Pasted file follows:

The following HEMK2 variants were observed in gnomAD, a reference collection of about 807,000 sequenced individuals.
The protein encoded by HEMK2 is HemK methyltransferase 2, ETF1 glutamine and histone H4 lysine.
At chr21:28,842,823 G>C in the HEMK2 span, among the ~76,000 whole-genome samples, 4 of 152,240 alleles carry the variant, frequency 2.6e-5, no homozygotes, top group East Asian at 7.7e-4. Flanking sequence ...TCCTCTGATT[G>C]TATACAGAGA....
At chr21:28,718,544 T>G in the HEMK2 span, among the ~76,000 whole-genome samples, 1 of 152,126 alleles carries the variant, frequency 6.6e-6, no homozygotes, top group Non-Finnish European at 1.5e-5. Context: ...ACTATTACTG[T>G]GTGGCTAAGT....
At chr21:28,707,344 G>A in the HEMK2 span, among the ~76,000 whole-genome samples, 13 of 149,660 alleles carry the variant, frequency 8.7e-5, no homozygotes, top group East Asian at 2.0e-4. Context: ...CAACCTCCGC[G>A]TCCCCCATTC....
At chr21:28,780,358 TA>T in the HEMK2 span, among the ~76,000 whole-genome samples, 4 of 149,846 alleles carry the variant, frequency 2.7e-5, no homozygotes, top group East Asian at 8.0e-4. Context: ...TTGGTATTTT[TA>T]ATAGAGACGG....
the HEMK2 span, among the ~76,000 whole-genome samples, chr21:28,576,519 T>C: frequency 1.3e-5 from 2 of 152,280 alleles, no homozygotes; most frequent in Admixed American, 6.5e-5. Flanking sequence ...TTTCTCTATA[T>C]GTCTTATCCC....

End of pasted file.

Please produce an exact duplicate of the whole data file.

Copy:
The following HEMK2 variants were observed in gnomAD, a reference collection of about 807,000 sequenced individuals.
The protein encoded by HEMK2 is HemK methyltransferase 2, ETF1 glutamine and histone H4 lysine.
At chr21:28,842,823 G>C in the HEMK2 span, among the ~76,000 whole-genome samples, 4 of 152,240 alleles carry the variant, frequency 2.6e-5, no homozygotes, top group East Asian at 7.7e-4. Flanking sequence ...TCCTCTGATT[G>C]TATACAGAGA....
At chr21:28,718,544 T>G in the HEMK2 span, among the ~76,000 whole-genome samples, 1 of 152,126 alleles carries the variant, frequency 6.6e-6, no homozygotes, top group Non-Finnish European at 1.5e-5. Context: ...ACTATTACTG[T>G]GTGGCTAAGT....
At chr21:28,707,344 G>A in the HEMK2 span, among the ~76,000 whole-genome samples, 13 of 149,660 alleles carry the variant, frequency 8.7e-5, no homozygotes, top group East Asian at 2.0e-4. Context: ...CAACCTCCGC[G>A]TCCCCCATTC....
At chr21:28,780,358 TA>T in the HEMK2 span, among the ~76,000 whole-genome samples, 4 of 149,846 alleles carry the variant, frequency 2.7e-5, no homozygotes, top group East Asian at 8.0e-4. Context: ...TTGGTATTTT[TA>T]ATAGAGACGG....
the HEMK2 span, among the ~76,000 whole-genome samples, chr21:28,576,519 T>C: frequency 1.3e-5 from 2 of 152,280 alleles, no homozygotes; most frequent in Admixed American, 6.5e-5. Flanking sequence ...TTTCTCTATA[T>C]GTCTTATCCC....